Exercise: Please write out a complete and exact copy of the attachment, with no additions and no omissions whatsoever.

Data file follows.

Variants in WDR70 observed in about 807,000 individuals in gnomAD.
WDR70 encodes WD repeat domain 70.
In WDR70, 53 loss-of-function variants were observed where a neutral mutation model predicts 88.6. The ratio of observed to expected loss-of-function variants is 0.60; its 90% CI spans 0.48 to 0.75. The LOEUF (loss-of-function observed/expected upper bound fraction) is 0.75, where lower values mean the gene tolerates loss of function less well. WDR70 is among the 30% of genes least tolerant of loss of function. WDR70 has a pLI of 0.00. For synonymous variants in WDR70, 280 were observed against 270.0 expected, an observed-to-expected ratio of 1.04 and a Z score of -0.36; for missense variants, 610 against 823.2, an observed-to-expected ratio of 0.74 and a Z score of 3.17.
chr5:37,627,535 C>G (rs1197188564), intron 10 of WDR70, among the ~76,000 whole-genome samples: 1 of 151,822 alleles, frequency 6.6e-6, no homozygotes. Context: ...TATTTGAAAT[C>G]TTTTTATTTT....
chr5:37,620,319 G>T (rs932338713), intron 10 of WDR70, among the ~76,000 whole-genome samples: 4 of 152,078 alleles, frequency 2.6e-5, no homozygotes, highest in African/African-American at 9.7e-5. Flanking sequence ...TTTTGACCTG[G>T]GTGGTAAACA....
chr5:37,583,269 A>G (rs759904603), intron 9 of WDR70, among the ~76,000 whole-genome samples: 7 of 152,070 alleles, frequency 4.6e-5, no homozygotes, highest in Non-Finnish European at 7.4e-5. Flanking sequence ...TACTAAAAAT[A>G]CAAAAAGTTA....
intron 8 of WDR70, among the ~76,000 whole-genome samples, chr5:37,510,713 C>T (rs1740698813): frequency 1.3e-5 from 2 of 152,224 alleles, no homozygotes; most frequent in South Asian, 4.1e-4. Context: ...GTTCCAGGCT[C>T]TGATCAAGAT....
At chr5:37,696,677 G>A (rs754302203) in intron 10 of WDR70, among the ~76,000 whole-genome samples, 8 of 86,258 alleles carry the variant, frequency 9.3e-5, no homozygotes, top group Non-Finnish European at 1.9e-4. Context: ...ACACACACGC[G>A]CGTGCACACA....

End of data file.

Variants in WDR70 observed in about 807,000 individuals in gnomAD.
WDR70 encodes WD repeat domain 70.
In WDR70, 53 loss-of-function variants were observed where a neutral mutation model predicts 88.6. The ratio of observed to expected loss-of-function variants is 0.60; its 90% CI spans 0.48 to 0.75. The LOEUF (loss-of-function observed/expected upper bound fraction) is 0.75, where lower values mean the gene tolerates loss of function less well. WDR70 is among the 30% of genes least tolerant of loss of function. WDR70 has a pLI of 0.00. For synonymous variants in WDR70, 280 were observed against 270.0 expected, an observed-to-expected ratio of 1.04 and a Z score of -0.36; for missense variants, 610 against 823.2, an observed-to-expected ratio of 0.74 and a Z score of 3.17.
chr5:37,627,535 C>G (rs1197188564), intron 10 of WDR70, among the ~76,000 whole-genome samples: 1 of 151,822 alleles, frequency 6.6e-6, no homozygotes. Context: ...TATTTGAAAT[C>G]TTTTTATTTT....
chr5:37,620,319 G>T (rs932338713), intron 10 of WDR70, among the ~76,000 whole-genome samples: 4 of 152,078 alleles, frequency 2.6e-5, no homozygotes, highest in African/African-American at 9.7e-5. Flanking sequence ...TTTTGACCTG[G>T]GTGGTAAACA....
chr5:37,583,269 A>G (rs759904603), intron 9 of WDR70, among the ~76,000 whole-genome samples: 7 of 152,070 alleles, frequency 4.6e-5, no homozygotes, highest in Non-Finnish European at 7.4e-5. Flanking sequence ...TACTAAAAAT[A>G]CAAAAAGTTA....
intron 8 of WDR70, among the ~76,000 whole-genome samples, chr5:37,510,713 C>T (rs1740698813): frequency 1.3e-5 from 2 of 152,224 alleles, no homozygotes; most frequent in South Asian, 4.1e-4. Context: ...GTTCCAGGCT[C>T]TGATCAAGAT....
At chr5:37,696,677 G>A (rs754302203) in intron 10 of WDR70, among the ~76,000 whole-genome samples, 8 of 86,258 alleles carry the variant, frequency 9.3e-5, no homozygotes, top group Non-Finnish European at 1.9e-4. Context: ...ACACACACGC[G>A]CGTGCACACA....